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Liberating the literature

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March 2016

The future of Trip

I’m not sure how many of these ‘the future of Trip’ articles I’ve written over the years, but there have been a few.  I like to set out my current thinking of the direction of Trip with some reflections on the past.

Business model – our move to a freemium business model last year (most of the site free but a ‘pro’ section for those willing to pay for extra content and functionality) has been a great success.  For years we have been concerned about the financial security of Trip and this new approach has allowed us to diversify our income streams and bring the security we craved!

New Design – It’s been out for a few weeks now and I’m loving it and the reaction.  We rolled out a few new features but it was more cleaning up the interface.  It was a major piece of work and it’s great that this particular project has finished.

Answer engine – This has been talked about for years and it’ll finally be here shortly.  It’ll be a learning system to give answers as well as search results.

As all this has been going on as I’ve been reading the very interesting ‘Business for Punks‘ which is an overview of the rise of the Scottish brewery Brewdog.  It’s refreshing and has given me the inspiration to write this post.  One big factor in their success has been the relationship with their customers, in effect, being their brand ambassadors – helping promote the business and the brand.  To a large extent this happens with Trip.  We have lots of fans and a great connection and I can always rely on our registered users to help out when I need advice. But one thing that Brewdog have shown is that you cannot do enough customer/user engagement.  So, I’m hoping to reflect on better ways of making the Trip users feel part of Trip.

But another really powerful message is to properly define what you’re trying to do and really focus on making that magical.  This is something I’ve been pondering for a while and this book helped crystallize my thinking:

What is Trip about?

Trip started as a service to my work answering clinical questions for general practitioners in Gwent, South Wales in 1997.  Q&A is my passion.  When we ask users about Trip we get three main reasons for using the site:

  • Clinicians seeking answers to their clinical questions.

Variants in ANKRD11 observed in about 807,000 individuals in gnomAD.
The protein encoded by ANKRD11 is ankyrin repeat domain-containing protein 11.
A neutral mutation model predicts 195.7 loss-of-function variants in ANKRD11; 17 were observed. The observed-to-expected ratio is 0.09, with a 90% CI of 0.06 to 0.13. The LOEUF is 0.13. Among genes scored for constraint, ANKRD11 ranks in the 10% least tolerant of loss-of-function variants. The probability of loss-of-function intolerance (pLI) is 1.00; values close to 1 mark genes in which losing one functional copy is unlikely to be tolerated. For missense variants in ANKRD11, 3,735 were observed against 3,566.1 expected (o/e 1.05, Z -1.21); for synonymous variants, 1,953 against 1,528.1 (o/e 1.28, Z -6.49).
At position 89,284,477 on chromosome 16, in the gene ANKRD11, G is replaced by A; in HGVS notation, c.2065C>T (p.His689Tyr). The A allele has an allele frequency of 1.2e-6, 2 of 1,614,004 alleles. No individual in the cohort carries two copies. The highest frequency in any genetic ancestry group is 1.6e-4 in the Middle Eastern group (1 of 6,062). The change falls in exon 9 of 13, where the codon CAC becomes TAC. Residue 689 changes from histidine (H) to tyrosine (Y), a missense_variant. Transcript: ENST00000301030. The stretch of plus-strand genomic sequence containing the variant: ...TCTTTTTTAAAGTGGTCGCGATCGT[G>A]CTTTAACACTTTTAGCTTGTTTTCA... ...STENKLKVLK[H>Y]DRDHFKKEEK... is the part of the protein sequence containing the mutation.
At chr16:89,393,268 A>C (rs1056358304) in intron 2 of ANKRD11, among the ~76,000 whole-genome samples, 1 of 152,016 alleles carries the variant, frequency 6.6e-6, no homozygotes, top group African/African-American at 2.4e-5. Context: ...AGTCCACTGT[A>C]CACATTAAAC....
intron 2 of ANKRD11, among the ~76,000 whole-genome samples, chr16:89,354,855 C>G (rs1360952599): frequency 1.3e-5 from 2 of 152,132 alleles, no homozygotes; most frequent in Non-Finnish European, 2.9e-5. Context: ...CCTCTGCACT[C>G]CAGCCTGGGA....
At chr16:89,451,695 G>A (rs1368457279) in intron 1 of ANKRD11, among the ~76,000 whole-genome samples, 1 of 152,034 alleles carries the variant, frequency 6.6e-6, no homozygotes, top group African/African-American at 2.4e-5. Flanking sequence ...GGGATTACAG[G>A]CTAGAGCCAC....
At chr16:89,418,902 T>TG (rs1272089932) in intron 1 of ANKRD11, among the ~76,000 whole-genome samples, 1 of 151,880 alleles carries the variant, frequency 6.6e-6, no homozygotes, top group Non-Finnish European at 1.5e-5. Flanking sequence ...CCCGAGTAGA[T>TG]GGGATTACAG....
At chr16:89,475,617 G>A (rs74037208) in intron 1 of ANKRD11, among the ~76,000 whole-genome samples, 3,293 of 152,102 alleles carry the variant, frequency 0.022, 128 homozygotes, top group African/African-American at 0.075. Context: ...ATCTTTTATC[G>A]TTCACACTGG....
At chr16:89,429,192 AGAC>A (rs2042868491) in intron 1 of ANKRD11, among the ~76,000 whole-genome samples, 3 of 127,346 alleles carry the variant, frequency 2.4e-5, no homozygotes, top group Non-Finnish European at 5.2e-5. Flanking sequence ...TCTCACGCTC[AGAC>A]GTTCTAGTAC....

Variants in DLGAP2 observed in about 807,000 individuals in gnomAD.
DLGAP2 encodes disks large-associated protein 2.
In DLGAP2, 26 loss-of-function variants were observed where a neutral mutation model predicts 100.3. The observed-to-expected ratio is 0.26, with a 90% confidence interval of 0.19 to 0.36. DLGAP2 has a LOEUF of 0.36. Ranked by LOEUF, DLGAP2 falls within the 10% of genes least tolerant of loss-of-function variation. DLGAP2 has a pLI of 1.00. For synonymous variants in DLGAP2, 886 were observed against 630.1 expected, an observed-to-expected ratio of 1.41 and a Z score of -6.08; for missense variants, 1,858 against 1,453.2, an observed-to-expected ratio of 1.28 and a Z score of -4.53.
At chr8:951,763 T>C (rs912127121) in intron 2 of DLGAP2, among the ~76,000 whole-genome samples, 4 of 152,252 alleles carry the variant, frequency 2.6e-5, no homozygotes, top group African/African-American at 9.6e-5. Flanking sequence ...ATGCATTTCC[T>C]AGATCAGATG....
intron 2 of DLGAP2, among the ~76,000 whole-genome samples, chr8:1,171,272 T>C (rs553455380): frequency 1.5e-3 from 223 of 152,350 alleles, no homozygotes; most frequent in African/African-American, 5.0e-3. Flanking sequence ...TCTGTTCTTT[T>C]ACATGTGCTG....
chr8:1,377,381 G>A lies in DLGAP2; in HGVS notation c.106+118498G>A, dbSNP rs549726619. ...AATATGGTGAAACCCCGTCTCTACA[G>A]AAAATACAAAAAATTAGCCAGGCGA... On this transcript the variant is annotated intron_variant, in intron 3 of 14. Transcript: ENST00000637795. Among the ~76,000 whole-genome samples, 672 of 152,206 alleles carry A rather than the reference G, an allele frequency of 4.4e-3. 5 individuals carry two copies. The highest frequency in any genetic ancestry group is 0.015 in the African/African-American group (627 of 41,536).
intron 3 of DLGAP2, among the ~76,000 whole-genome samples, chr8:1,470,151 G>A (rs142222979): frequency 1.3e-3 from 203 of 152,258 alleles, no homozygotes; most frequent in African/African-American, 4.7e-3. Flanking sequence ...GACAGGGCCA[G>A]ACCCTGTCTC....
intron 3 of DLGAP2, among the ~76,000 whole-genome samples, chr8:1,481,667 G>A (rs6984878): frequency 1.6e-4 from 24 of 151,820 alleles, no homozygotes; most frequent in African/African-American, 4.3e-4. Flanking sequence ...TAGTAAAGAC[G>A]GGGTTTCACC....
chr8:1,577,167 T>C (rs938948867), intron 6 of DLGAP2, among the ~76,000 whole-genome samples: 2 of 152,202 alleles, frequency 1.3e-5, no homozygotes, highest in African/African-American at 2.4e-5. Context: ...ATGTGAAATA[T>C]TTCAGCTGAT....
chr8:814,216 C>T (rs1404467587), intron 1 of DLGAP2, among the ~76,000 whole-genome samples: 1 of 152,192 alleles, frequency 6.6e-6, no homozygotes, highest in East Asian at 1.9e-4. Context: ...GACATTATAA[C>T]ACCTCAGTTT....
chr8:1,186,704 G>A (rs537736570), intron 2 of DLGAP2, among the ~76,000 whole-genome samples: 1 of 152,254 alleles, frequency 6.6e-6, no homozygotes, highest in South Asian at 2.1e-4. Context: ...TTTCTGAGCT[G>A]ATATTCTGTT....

• Information specialists carrying out literature reviews for systematic reviews, guidelines etc.
  • Academics using the site to plan research.

The focus of Trip developments has always been the top reason (Q&A) but I’ve been keen to support the other two.  I think this will always be the case.  But I do think I may have lost sight of what the Q&A component means.  What do I want the site to do, in relation to Q&A?  A few alternatives:

The best place for health professionals to obtain answers to their clinical questions

or

Clinical question answering heaven

or

The ‘go to’ place for clinical question answering

They all amount, roughly, to the same thing.  The top one answers it best albeit being a bit wordy (but we can work on that).  So, the plans for the next major developments involve supporting clinical question answering!  This requires a number of components:

Answer engine – as mentioned above it’ll be rolled out soon.  It won’t be perfect but it’s a great start and it’s a learning system so it’ll get better with time.

Search algorithm – we’ve followed the same basic algorithm for years, arranging results based on a mixture of word matching (between search term(s) and documents in the Trip index), year of publication and quality of the publisher.  This is fine, to a point, but search has moved on massively and we’ve not moved with the times.  So, we will be looking to overhaul this.  As part of my work in the KConnect I will be working with information retrieval experts to exploit current ‘best practice’.

Belief – Underlying the changing has to be a belief that we can be the best.

Community – Trip needs to state our aim to be the best and to actually be the best. This will rely on our community of users letting us know when we’re great and when we’re less than great. So, our engagement with users needs to be enhanced – from good to great.

So, Trip’s future:

Community and site moving closer together to deliver something magical